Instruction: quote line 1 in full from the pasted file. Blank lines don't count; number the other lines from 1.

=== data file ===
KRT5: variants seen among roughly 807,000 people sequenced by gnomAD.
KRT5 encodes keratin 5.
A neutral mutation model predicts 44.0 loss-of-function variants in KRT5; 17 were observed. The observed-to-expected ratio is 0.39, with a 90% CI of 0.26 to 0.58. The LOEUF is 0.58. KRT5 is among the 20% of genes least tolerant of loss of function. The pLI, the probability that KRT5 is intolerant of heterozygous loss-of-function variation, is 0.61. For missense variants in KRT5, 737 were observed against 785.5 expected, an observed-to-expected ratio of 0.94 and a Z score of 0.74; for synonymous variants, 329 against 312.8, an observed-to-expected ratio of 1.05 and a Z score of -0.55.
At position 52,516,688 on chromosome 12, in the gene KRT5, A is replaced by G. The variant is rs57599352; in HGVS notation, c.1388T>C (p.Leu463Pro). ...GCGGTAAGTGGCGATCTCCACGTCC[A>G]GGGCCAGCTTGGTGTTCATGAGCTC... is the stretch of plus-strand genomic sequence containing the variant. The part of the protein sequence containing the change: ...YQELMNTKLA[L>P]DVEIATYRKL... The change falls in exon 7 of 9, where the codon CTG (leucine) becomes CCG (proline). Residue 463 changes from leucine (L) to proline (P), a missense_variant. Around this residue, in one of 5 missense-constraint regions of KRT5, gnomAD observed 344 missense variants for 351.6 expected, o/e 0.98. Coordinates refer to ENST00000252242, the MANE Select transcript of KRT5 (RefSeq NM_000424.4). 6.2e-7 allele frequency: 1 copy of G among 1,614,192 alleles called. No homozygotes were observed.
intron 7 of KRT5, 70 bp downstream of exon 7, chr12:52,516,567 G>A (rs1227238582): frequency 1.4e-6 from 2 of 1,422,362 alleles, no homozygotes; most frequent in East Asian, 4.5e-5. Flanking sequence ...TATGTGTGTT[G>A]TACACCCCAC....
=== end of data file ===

KRT5: variants seen among roughly 807,000 people sequenced by gnomAD.